The day I passed through Bosstown, Wisconsin, I had to jump out and take that photo. I knew it could illustrate a number of ideas -- a city of nothing but managers, or maybe a super cool municipality -- or maybe something downright scary. What if "Bosstown" is any place where a bad manager thinks he or she is the most important player on the team, and where everything hinges on his or her moods, preferences and whims.
That's a destructive way to supervise, isn't it? And that leads to the whole topic of management styles. How would you describe yours? More important, how would your employees describe it?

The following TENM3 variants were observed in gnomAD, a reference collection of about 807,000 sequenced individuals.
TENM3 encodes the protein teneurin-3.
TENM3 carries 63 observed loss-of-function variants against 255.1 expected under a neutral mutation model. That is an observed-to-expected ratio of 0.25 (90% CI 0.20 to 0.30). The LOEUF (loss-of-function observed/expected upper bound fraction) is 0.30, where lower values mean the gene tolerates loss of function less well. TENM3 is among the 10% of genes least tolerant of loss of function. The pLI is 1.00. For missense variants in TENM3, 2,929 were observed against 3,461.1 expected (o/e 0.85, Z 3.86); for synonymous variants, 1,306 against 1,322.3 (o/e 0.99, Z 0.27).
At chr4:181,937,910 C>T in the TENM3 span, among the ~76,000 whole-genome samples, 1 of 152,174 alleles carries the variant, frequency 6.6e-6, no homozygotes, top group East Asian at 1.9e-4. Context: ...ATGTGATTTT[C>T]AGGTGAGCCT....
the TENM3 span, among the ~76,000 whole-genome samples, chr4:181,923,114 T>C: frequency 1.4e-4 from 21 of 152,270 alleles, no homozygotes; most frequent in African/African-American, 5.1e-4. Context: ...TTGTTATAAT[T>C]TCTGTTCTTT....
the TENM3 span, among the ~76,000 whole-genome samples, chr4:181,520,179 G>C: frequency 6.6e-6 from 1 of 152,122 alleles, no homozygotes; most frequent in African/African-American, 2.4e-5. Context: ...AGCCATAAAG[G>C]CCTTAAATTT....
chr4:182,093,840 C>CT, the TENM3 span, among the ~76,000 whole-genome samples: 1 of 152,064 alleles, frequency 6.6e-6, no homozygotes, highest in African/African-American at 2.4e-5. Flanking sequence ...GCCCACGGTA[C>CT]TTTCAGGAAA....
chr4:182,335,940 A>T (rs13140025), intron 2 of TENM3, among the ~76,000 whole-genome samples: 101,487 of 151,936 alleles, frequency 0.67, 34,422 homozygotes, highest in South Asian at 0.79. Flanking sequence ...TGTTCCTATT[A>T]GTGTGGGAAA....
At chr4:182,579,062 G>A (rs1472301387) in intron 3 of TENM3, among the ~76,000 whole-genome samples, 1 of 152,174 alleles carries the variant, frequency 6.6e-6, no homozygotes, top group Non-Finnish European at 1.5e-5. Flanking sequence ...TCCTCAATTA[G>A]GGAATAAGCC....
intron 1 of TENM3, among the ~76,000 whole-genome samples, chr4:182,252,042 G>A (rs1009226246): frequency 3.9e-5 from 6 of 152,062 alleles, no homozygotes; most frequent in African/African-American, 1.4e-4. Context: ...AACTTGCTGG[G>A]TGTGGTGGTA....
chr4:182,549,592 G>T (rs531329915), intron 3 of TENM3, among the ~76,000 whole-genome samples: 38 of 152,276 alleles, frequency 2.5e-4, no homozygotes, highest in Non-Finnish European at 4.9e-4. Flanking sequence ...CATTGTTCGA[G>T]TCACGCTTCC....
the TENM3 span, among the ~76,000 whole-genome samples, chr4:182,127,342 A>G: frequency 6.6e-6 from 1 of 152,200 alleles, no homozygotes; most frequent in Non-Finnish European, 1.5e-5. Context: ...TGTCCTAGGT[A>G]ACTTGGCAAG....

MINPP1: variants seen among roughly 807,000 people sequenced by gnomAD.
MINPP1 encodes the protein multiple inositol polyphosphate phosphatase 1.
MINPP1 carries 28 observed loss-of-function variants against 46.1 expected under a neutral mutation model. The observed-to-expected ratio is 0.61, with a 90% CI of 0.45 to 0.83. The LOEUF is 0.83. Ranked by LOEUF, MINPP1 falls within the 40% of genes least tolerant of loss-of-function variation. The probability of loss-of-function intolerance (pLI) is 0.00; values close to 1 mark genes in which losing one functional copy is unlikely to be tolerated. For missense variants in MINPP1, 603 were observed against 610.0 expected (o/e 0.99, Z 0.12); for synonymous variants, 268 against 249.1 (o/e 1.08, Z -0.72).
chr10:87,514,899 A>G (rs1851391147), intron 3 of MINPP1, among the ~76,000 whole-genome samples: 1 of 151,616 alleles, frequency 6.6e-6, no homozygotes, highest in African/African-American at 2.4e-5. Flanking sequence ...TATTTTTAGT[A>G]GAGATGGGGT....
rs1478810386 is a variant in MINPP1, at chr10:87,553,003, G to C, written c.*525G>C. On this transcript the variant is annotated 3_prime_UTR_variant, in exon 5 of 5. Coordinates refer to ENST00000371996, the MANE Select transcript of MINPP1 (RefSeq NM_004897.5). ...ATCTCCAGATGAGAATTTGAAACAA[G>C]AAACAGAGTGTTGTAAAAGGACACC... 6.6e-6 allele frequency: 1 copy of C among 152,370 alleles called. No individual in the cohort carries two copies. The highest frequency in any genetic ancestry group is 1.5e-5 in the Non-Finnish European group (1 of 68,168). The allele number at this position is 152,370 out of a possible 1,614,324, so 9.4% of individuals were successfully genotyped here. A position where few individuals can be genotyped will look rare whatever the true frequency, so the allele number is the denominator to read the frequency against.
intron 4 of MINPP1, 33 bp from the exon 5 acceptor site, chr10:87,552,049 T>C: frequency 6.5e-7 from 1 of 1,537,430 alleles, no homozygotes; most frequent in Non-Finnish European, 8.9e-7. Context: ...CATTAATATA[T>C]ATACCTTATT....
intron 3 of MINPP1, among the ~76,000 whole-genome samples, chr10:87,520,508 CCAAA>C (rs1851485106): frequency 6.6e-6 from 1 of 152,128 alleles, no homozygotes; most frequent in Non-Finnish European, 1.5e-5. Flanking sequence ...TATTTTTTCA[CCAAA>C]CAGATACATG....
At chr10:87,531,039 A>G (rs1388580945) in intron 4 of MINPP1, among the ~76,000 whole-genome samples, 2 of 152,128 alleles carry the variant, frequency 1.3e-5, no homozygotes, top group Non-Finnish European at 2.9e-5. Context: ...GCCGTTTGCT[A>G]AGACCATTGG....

I recently wrote a column called "Just What the Heck IS Management Style, Anyway?" for the Poynter Institute. I did it in the wake of the firing of the editor of the New York Times, ostensibly because of management style issues. My concern is that some bosses don't really understand what that means -- and when they don't, they are likely to get into their own way, as they do their own thing. Their employees will suffer, and so will the boss's reputation and ultimately his or her career.
Management style is a conscious series of choices, built around values and skills. Would you like to read more about it?
Just click on this link
to get to the column and its companion podcast.